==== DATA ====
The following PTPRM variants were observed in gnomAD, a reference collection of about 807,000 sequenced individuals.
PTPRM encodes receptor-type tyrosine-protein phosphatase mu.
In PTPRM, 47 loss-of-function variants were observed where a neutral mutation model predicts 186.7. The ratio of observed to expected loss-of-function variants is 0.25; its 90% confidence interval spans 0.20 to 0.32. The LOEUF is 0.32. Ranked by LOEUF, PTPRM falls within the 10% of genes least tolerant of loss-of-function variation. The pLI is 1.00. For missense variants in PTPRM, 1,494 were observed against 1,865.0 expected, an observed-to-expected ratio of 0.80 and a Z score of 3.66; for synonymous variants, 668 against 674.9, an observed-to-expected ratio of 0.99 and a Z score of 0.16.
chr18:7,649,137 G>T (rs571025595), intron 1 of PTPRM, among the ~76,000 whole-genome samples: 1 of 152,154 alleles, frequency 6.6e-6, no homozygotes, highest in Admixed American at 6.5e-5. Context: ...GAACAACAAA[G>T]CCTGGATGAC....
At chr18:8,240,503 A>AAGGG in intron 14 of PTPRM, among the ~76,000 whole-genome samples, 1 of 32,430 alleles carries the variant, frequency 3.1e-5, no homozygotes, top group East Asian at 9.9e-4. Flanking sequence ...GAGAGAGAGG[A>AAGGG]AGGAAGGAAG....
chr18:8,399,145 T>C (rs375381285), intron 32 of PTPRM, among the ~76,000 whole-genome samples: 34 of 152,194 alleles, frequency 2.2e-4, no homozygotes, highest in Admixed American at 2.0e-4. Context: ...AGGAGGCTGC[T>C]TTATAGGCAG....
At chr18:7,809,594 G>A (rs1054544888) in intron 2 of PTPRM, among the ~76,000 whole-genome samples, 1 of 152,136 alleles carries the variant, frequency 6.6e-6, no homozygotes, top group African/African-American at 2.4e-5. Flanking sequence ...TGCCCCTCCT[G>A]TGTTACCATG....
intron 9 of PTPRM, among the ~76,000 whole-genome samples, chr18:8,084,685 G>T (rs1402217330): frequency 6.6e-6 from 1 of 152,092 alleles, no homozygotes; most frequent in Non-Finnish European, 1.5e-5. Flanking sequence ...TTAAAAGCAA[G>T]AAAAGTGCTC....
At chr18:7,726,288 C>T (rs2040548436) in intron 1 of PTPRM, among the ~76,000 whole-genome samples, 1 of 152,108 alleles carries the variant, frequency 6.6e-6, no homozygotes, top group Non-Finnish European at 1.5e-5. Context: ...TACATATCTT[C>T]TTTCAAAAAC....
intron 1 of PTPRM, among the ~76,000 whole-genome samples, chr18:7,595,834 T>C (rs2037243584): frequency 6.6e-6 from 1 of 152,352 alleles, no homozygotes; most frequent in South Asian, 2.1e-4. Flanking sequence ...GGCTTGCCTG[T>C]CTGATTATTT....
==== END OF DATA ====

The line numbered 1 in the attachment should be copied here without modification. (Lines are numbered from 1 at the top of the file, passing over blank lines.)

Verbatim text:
The following PTPRM variants were observed in gnomAD, a reference collection of about 807,000 sequenced individuals.